Drug Trials Snapshots: POTELIGEO
HOW TO USE THIS SNAPSHOT
The information provided in Snapshots highlights who participated in the clinical trials that supported the FDA approval of this drug, and whether there were differences among sex, race, and age groups. The “MORE INFO” bar shows more detailed, technical content for each section. The Snapshot is intended as one tool for consumers to use when discussing the risks and benefits of the drugs.
LIMITATIONS OF THIS SNAPSHOT:
Do not rely on Snapshots to make decisions regarding medical care. Always speak to your health provider about the risks and benefits of a drug. Refer to POTELIGEO Prescribing Information for complete information.
Kyowa Kirin Inc.
Approval date: August 8, 2018
DRUG TRIALS SNAPSHOT SUMMARY:
What is the drug for?
POTELIGEO is used to treat adults with mycosis fungoides (MF) or Sézary syndrome (SS) who have received at least one prior systemic (such as injections or pills) treatment for their disease but the treatment did not work or the disease has come back.
MF and SS are rare types of cancer called cutaneous T-cell lymphoma which form in the lymph system and affect the skin.
How is this drug used?
POTELIGEO is given by a healthcare provider directly into the bloodstream through a needle in the vein. This is known as an intravenous, or IV infusion. It takes about one hour to receive a POTELIGEO infusion.
POTELIDEO is given on days 1, 8, 15, and 22 of the first 28-day cycle and on days 1 and 15 of each subsequent cycle.
What are the benefits of this drug?
In the trial, patients who received POTELIGEO experienced longer period of time a patient stays alive without the cancer growing (called progression-free survival) in comparison to patients who received vorinostat (a type of chemotherapy) . For patients treated with POTELIGEO it took about 7.6 months before disease progression and for patients treated with vorinostat about 3.1 months.
What are the benefits of this drug (results of trials used to assess efficacy)?
The table below summarizes efficacy results based on the investigator-assessed progression-free survival (PFS), which was defined as the time from the date of randomization until documented progression of disease or death. Other efficacy measures included overall response rate (ORR) based on global composite response criteria that combine measures from each disease compartment (skin, blood, lymph nodes and viscera).
Table 2: Efficacy of Randomized Treatment
|Outcome per Investigator||POTELIGEO|
|Number of events, n||110||131|
|Median PFS (95% CI) (months) a||7.6 (5.6, 10.2)||3.1 (2.8, 4.0)|
|Hazard ratio (95% CI)|
Log rank p-value
|0.53 (0.41, 0.69)|
|Overall response rate |
(confirmed CR + PR), n (%) b, c
|52 (28)||9 (5)|
|95% CI||(22, 35)||(2, 9)|
|Duration of overall response (months)|
|Median (95% CI) a||13.9 (9.3, 18.9)||9.0 (4.6, NE)|
|Confirmed best overall response b|
|CR, n (%)||4 (2)||0 (0)|
|95% CI||(1, 5)||(0, 2)|
|PR, n (%)||47 (25)||9 (5)|
|95% CI||(20, 33)||(2, 9)|
|Response by compartment (confirmed CR + PR) c|
|Response rate, n (%)||83 (67)||23 (18)|
|95% CI||(58, 75)||(12, 26)|
|Response rate, n (%)||78 (42)||29 (16)|
|95% CI||(35, 49)||(11, 22)|
|Response rate, n (%)||21 (15)||5 (4)|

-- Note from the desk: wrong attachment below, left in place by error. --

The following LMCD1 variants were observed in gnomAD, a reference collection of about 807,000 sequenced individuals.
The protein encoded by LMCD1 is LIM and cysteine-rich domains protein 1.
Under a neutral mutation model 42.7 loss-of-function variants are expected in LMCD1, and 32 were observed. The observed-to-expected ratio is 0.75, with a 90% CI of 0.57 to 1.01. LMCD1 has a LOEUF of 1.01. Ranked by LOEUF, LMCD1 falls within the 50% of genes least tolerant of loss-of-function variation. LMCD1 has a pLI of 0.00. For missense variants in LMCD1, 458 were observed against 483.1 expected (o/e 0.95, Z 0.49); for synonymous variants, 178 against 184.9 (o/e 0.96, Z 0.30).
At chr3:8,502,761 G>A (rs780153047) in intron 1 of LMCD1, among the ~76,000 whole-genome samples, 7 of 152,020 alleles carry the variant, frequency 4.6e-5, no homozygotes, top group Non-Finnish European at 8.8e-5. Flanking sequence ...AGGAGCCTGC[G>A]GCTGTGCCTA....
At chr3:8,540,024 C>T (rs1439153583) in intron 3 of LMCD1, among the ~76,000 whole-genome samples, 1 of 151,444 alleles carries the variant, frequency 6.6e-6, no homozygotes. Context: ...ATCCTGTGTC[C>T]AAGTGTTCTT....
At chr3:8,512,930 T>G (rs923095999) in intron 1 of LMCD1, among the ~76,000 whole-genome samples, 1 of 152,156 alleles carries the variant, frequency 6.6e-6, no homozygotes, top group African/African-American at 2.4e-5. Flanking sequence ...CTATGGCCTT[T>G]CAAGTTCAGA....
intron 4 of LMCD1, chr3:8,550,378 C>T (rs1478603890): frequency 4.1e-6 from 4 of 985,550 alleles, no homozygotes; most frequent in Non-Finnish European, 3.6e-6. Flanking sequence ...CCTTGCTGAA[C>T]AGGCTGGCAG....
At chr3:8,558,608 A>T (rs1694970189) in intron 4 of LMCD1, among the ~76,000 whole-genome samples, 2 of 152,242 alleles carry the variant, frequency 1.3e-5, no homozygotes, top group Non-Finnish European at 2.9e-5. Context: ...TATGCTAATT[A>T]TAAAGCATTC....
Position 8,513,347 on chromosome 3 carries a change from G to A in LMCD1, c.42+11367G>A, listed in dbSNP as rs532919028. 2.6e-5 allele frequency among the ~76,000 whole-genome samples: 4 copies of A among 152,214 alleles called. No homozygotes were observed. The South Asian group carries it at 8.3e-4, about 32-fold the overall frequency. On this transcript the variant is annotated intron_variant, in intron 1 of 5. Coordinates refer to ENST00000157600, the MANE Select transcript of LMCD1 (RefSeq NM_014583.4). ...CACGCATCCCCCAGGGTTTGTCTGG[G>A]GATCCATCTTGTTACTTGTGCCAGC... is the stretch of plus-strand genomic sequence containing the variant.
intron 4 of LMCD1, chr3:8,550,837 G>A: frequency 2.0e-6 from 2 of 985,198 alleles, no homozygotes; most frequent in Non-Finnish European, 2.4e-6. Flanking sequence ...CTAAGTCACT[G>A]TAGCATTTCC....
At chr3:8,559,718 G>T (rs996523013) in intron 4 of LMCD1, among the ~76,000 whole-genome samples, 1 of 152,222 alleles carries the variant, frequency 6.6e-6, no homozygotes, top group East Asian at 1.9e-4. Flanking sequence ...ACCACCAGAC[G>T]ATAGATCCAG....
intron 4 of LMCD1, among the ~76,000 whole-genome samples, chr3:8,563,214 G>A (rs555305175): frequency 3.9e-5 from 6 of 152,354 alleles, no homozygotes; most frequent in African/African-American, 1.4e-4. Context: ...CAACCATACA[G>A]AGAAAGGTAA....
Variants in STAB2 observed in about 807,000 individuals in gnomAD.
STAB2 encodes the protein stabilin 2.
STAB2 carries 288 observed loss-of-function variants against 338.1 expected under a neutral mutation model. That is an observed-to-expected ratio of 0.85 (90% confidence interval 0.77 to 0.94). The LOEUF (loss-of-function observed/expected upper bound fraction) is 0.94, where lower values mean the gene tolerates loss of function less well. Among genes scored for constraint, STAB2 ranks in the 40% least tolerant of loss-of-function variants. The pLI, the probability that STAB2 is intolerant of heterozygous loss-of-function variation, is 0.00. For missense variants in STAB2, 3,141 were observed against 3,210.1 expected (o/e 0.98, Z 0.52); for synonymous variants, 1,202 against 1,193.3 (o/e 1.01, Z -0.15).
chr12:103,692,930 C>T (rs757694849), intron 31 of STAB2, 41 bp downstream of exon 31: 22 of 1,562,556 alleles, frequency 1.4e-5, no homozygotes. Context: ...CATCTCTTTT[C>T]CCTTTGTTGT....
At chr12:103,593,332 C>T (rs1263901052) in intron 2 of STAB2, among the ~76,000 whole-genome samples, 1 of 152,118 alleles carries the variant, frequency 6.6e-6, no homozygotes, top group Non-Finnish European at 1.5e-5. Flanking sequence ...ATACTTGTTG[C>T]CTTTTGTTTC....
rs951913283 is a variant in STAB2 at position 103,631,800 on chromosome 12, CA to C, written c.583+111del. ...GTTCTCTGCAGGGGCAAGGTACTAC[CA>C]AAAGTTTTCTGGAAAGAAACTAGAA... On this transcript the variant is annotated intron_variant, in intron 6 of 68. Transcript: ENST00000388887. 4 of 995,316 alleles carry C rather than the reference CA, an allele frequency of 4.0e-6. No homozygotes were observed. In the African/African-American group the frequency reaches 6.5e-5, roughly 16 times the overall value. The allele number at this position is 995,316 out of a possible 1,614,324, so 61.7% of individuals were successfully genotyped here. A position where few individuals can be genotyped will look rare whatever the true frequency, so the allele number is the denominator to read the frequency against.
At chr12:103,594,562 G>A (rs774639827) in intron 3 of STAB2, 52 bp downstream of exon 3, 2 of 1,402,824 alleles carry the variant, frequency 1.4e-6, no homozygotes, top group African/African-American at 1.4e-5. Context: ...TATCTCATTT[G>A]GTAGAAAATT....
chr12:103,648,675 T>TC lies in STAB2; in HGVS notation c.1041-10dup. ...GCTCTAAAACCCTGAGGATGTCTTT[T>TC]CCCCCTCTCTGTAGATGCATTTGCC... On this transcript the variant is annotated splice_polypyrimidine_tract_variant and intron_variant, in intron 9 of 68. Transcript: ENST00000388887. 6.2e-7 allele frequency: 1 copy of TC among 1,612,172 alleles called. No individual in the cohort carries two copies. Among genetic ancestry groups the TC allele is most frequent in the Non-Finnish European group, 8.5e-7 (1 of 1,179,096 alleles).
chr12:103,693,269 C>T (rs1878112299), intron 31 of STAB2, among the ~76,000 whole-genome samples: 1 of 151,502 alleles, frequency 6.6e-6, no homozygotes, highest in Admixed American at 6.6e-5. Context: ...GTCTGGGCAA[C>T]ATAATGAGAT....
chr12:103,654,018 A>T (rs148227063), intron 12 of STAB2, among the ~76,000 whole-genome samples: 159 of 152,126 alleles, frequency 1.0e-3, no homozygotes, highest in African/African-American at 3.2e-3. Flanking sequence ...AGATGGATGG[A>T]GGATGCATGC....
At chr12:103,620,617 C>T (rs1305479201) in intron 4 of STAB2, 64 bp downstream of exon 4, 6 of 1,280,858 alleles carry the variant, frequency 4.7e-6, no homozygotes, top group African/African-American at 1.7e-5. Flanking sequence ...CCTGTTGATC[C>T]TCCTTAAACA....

|95% CI||(10, 23)||(1, 9)|
|Response rate, n (%)||0 (0)||0 (0)|
|95% CI||(0, 46)||(0, 60)|
a Kaplan-Meier estimate.
b Based on Global Composite Response score.
c Responses in blood and skin must have persisted for at least 4 weeks to be considered confirmed and were evaluated every 4 weeks for the first year. Responses in lymph nodes, visceral disease and overall were evaluated every 8 weeks for the first year.
d From Cochran-Mantel-Haenszel test adjusted for disease type, stage, and region.
CI=confidence interval; CR=complete response; NE=not estimable; PR=partial response
POTELIGEO Prescribing Information
Were there any differences in how well the drug worked in clinical trials among sex, race and age?
- Sex: POTELIGEO worked similarly in men and women.
- Race: Most of the patients were White. Differences in how well the drug worked among races could not be determined because of the small number of patients in other races.
- Age: POTELIGEO worked similarly in patients younger and older than 65 years of age.
Were there any differences in how well the drug worked in clinical trials among sex, race, and age groups?
The table below summarizes efficacy results by demographic subgroups based on PFS.
Table 3. Subgroup Efficacy Analyses
|Sex (n/N1, %)|
|Men||63/109 (57.8)||82/107 (76.6)||0.46 (0.33,0.65)|
|Women||47/77 (61)||49/79 (62)||0.62 (0.41, 0.94)|
|Race (n/N1, %)|
|White||74/125 (59.2)||95/135 (70.4)||0.51 (0.37, 0.70)|
|Black or African American||15/24 (62.5)||8/13 (61.5)||0.79 (0.32, 1.92)|
|Other||21/37 (56.8)||28/38 (73.7)||0.50 (0.28, 0.91)|
|Age Group (n/N1, %)|
|65>||62/99 (62.6)||63/89 (70.8)||0.59 (0.41, 0.85)|
|≥65 years||48/87 (55.2)||68/97 (70.1)||0.46 (0.31, 0.68)|
Adapted from FDA Review
What are the possible side effects?
POTELIGEO may cause serious side effects including life threatening rash, infusion reactions, infections, and worsening of autoimmune diseases and complications of stem cell transplantation.
The most common side effects of POTELIGEO are rash, infusion related reactions, fatigue, diarrhea, musculoskeletal pain, and upper respiratory tract infection.
What are the possible side effects (results of trials used to assess safety)?
The table below summarizes common adverse reactions that occur during the clinical trial.
Table 4. Common Adverse Reactions (≥10%) with ≥2% Higher Incidence in the POTELIGEO Arm
by Body System a, b
|Skin and Subcutaneous Tissue Disorders|
|Rash, Including Drug Eruption||35||5||11||2|
|Infusion Related Reaction||33||2||0||0|
|Upper Respiratory Tract Infection||22||0||16||1|
|Musculoskeletal and Connective Tissue Disorders|
a Adverse reactions include groupings of individual preferred terms.
b Includes adverse reactions reported up to 90 days after randomized treatment.
Rash/Drug Eruption includes: dermatitis (allergic, atopic, bullous, contact, exfoliative, infected), drug eruption, palmoplantar keratoderma, rash (generalized, macular, maculopapular, papular, pruritic, pustular), skin reaction, toxic skin eruption
Upper Respiratory Tract Infection includes: laryngitis viral, nasopharyngitis, pharyngitis, rhinitis, sinusitis, upper respiratory tract infection, viral upper respiratory tract infection
Skin Infection includes: cellulitis, dermatitis infected, erysipelas, impetigo, infected skin ulcer, periorbital cellulitis, skin bacterial infection, skin infection, staphylococcal skin infection
Musculoskeletal Pain includes: back pain, bone pain, musculoskeletal chest pain, musculoskeletal pain, myalgia, neck pain, pain in extremity
Mucositis includes: aphthous stomatitis, mouth ulceration, mucosal inflammation, oral discomfort, oral pain, oropharyngeal pain, stomatitis